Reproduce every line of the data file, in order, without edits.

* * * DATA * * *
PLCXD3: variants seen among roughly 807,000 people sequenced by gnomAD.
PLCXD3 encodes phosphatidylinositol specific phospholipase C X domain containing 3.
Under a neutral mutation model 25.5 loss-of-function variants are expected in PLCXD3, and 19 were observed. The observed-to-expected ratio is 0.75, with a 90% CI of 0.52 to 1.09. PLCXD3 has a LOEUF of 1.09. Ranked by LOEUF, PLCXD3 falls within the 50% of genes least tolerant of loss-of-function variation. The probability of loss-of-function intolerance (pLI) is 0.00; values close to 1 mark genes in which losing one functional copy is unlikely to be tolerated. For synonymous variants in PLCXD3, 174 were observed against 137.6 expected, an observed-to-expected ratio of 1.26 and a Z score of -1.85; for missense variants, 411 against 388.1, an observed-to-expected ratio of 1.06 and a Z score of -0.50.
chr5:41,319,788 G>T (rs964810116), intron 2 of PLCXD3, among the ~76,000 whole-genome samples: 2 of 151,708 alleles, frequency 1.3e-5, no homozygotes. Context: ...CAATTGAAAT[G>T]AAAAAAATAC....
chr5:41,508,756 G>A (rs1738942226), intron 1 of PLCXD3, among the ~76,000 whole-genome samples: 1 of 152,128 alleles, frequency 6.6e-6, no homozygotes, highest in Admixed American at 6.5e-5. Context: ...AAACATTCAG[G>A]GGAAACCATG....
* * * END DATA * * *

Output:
PLCXD3: variants seen among roughly 807,000 people sequenced by gnomAD.
PLCXD3 encodes phosphatidylinositol specific phospholipase C X domain containing 3.
Under a neutral mutation model 25.5 loss-of-function variants are expected in PLCXD3, and 19 were observed. The observed-to-expected ratio is 0.75, with a 90% CI of 0.52 to 1.09. PLCXD3 has a LOEUF of 1.09. Ranked by LOEUF, PLCXD3 falls within the 50% of genes least tolerant of loss-of-function variation. The probability of loss-of-function intolerance (pLI) is 0.00; values close to 1 mark genes in which losing one functional copy is unlikely to be tolerated. For synonymous variants in PLCXD3, 174 were observed against 137.6 expected, an observed-to-expected ratio of 1.26 and a Z score of -1.85; for missense variants, 411 against 388.1, an observed-to-expected ratio of 1.06 and a Z score of -0.50.
chr5:41,319,788 G>T (rs964810116), intron 2 of PLCXD3, among the ~76,000 whole-genome samples: 2 of 151,708 alleles, frequency 1.3e-5, no homozygotes. Context: ...CAATTGAAAT[G>T]AAAAAAATAC....
chr5:41,508,756 G>A (rs1738942226), intron 1 of PLCXD3, among the ~76,000 whole-genome samples: 1 of 152,128 alleles, frequency 6.6e-6, no homozygotes, highest in Admixed American at 6.5e-5. Context: ...AAACATTCAG[G>A]GGAAACCATG....